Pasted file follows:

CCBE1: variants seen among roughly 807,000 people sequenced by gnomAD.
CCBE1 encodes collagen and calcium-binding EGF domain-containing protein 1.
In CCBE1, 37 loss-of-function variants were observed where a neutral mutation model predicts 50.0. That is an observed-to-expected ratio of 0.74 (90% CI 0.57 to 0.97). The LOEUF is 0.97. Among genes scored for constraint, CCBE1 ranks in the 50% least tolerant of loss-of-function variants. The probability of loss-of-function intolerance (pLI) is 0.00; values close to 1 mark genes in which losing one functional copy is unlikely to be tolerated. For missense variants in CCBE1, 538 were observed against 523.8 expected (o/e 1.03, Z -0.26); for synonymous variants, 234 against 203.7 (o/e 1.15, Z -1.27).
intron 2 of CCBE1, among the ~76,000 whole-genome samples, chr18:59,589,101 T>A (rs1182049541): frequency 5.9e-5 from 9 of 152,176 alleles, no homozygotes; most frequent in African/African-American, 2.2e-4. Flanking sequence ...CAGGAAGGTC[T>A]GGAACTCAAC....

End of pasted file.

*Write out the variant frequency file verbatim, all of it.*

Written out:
CCBE1: variants seen among roughly 807,000 people sequenced by gnomAD.
CCBE1 encodes collagen and calcium-binding EGF domain-containing protein 1.
In CCBE1, 37 loss-of-function variants were observed where a neutral mutation model predicts 50.0. That is an observed-to-expected ratio of 0.74 (90% CI 0.57 to 0.97). The LOEUF is 0.97. Among genes scored for constraint, CCBE1 ranks in the 50% least tolerant of loss-of-function variants. The probability of loss-of-function intolerance (pLI) is 0.00; values close to 1 mark genes in which losing one functional copy is unlikely to be tolerated. For missense variants in CCBE1, 538 were observed against 523.8 expected (o/e 1.03, Z -0.26); for synonymous variants, 234 against 203.7 (o/e 1.15, Z -1.27).
intron 2 of CCBE1, among the ~76,000 whole-genome samples, chr18:59,589,101 T>A (rs1182049541): frequency 5.9e-5 from 9 of 152,176 alleles, no homozygotes; most frequent in African/African-American, 2.2e-4. Flanking sequence ...CAGGAAGGTC[T>A]GGAACTCAAC....